The Reproductive System

Front Cover
Gollancz, 2001 - Fiction - 191 pages
7 Reviews
Wompler's Walking Babies once put Millford, Utah, on the map. But they aren't selling like they used to. In fact, they aren't selling at all and the only alternative to winding the company up is to tap the government for a research grant. And so Wompler Research Laboratories and Project 32 come into being. The plan is tp produce self-replicating mechanisms; identical cells equipped to repair intracellular breakdowns, convert power from their environment and create new cells. But suddenly the nondescript grey metal boxes start crawling about the laboratory, feeding voraciously on any metal... and multiplying at an alarming rate.

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Review: The Reproductive System

User Review  - Steve - Goodreads

It started well, got a bit lost in the middle, and eventually finished on an unexpected note. A little reminiscent of Kurt Vonnegut, with touches of Dr Strangelove and some misplaced hallucinatory stuff which didn't really work. A very clever premise, though, and nicely executed. Read full review

Review: The Reproductive System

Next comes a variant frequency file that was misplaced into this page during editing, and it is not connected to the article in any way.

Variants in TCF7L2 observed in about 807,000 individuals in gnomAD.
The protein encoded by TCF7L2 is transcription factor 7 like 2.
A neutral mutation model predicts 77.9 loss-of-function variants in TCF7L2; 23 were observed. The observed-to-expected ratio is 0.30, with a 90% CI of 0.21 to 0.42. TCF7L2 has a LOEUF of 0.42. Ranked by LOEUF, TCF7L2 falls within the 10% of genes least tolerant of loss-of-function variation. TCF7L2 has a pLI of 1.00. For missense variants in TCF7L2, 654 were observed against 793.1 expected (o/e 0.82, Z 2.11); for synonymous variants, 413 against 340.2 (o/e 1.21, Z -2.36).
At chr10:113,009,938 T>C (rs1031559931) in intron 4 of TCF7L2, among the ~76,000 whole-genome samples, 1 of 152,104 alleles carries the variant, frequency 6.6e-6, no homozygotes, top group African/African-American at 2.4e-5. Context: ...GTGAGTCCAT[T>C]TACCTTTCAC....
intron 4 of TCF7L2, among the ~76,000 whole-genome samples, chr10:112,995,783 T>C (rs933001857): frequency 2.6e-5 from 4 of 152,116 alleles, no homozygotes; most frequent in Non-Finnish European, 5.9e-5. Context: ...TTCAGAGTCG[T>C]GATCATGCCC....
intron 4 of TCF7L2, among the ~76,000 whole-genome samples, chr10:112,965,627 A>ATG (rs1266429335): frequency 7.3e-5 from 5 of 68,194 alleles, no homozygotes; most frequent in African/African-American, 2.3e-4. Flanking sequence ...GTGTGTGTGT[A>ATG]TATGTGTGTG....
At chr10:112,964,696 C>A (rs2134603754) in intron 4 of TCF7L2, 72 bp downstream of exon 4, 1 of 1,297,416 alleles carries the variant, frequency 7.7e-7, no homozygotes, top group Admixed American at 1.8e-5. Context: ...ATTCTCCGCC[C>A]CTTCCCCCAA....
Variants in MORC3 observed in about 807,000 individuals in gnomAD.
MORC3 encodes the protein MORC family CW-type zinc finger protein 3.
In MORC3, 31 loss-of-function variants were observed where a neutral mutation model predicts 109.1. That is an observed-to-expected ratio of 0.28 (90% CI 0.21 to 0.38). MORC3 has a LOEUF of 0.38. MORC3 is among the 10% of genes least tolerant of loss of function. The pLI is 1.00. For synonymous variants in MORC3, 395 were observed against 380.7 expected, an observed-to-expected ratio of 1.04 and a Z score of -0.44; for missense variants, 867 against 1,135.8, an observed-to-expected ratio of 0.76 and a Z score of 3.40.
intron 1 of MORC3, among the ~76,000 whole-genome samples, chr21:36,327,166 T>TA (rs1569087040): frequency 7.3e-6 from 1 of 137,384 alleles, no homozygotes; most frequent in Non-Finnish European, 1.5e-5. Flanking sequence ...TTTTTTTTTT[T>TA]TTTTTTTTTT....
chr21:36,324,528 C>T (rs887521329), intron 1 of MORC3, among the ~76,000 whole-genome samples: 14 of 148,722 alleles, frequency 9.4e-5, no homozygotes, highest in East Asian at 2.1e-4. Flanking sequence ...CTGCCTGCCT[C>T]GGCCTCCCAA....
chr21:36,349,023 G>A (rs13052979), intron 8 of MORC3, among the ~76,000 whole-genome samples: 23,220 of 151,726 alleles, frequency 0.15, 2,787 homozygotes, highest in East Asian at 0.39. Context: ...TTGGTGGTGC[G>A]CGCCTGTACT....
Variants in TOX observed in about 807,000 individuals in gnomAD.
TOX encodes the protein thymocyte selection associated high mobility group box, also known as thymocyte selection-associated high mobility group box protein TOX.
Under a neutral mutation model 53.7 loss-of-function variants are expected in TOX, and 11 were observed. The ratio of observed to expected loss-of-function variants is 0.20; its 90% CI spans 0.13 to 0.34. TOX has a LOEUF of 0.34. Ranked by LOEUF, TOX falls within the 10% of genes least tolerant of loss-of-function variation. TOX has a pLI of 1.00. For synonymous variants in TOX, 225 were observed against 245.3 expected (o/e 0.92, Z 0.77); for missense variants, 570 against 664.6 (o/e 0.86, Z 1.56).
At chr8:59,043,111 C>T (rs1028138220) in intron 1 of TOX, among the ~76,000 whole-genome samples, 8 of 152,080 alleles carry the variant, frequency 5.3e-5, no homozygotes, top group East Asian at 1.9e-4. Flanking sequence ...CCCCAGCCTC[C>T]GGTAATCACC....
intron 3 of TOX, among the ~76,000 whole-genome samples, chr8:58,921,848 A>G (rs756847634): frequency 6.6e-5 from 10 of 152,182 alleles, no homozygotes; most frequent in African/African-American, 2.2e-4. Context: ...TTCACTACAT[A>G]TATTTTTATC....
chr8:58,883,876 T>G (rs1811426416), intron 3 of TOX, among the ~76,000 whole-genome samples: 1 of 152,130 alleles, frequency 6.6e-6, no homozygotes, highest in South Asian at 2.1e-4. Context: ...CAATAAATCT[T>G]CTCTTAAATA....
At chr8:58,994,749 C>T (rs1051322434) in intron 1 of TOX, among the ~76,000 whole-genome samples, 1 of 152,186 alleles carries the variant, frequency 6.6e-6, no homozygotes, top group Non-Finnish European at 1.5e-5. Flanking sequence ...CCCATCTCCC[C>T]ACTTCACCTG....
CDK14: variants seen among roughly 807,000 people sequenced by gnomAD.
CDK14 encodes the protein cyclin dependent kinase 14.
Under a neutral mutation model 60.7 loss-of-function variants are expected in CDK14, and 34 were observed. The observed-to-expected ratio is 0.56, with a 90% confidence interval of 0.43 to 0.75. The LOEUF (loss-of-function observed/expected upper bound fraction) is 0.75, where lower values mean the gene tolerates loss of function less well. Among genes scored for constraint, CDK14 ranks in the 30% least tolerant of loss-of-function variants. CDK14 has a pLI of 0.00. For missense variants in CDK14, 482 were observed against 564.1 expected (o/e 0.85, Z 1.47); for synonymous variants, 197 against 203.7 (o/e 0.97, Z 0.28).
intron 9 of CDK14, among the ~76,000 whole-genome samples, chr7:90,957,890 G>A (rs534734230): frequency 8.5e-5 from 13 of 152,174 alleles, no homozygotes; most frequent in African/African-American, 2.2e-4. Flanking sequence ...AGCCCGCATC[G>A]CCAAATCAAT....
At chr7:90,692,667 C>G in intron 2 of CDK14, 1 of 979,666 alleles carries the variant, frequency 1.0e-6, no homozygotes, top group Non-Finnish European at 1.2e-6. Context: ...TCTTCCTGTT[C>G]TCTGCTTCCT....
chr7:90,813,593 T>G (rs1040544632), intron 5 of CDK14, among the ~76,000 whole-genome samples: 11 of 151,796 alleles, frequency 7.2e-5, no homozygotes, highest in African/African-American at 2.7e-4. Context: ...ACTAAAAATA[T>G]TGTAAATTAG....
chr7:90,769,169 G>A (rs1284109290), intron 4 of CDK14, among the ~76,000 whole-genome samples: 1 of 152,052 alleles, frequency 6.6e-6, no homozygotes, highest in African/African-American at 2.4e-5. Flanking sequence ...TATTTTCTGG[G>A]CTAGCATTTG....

User Review  - Darren Goossens - Goodreads

Review from http://darrengoossens.wordpress.com/2014/02/08/too-clever-by-n-1n-a-review-of-the-reproductive-system-by-john-t-sladek/ John Sladek was one of the most remarkable authors of his time ... Read full review

About the author (2001)

John Sladek (1937 - 2000)John Sladek was born in Iowa in 1937 but moved to the UK in 1966, where he became involved with the British New Wave movement, centred on Michael Moorcock's groundbreaking New Worlds magazine. Sladek began writing SF with 'The Happy Breed', which appeared in Harlan Ellison's seminal anthology Dangerous Visions in 1967, and is now recognized as one of SF's most brilliant satirists. His novels and short story collections include The Muller Fokker Effect, Roderick and Tik Tok, for which he won a BSFA Award. He returned to the United States in 1986, and died there in March 2000.

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